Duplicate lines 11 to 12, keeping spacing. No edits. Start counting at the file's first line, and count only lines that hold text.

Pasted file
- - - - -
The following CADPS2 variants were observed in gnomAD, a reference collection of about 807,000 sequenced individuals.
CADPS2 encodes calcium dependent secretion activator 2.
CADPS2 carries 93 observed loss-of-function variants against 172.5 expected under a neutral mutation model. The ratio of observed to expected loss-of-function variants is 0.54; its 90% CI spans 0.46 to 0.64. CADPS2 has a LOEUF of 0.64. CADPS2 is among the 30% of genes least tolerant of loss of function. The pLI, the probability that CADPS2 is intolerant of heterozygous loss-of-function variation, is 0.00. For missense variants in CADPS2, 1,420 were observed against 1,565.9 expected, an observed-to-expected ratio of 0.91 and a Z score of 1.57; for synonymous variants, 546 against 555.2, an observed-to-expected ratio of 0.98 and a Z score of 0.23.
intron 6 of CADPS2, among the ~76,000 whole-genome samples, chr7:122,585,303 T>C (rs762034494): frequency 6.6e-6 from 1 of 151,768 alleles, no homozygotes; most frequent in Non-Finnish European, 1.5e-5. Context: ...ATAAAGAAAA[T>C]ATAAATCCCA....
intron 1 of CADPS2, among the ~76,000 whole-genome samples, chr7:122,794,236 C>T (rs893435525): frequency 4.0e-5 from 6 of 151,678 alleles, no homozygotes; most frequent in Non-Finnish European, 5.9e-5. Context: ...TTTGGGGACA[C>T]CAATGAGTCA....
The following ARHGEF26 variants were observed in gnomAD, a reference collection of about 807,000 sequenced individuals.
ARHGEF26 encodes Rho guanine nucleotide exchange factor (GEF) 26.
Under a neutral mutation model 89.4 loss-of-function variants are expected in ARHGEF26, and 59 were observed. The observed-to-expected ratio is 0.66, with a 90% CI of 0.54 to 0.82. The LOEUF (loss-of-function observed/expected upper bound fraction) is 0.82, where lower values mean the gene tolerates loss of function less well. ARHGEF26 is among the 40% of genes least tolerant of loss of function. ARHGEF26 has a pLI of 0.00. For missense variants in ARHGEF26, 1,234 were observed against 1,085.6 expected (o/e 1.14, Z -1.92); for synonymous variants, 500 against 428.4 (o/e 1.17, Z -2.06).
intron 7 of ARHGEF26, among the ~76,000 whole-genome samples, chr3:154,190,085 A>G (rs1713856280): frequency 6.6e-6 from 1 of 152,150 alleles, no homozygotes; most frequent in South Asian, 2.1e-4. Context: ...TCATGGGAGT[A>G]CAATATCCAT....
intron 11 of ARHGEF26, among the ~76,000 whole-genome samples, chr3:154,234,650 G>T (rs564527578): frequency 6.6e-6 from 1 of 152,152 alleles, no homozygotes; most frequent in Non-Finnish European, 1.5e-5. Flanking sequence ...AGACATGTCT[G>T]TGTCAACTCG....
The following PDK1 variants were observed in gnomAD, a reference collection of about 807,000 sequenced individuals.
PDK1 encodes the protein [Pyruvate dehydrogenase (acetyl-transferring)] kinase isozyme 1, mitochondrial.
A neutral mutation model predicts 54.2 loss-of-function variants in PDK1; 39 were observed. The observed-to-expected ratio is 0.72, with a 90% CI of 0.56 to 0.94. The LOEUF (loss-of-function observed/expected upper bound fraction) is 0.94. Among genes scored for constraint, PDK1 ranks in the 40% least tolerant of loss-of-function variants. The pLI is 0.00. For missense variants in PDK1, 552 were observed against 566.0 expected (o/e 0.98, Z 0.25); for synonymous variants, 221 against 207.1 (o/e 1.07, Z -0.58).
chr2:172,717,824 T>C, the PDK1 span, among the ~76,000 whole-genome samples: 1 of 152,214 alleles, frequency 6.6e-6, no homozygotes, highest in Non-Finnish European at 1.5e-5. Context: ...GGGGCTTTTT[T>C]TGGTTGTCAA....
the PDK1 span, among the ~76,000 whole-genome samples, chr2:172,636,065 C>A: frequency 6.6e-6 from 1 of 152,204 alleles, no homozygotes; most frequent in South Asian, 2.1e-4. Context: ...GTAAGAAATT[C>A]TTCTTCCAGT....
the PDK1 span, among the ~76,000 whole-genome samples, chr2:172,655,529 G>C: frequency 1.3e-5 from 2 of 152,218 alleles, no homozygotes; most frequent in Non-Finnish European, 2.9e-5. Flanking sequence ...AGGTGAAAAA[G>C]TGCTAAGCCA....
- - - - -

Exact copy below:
The following PDK1 variants were observed in gnomAD, a reference collection of about 807,000 sequenced individuals.
PDK1 encodes the protein [Pyruvate dehydrogenase (acetyl-transferring)] kinase isozyme 1, mitochondrial.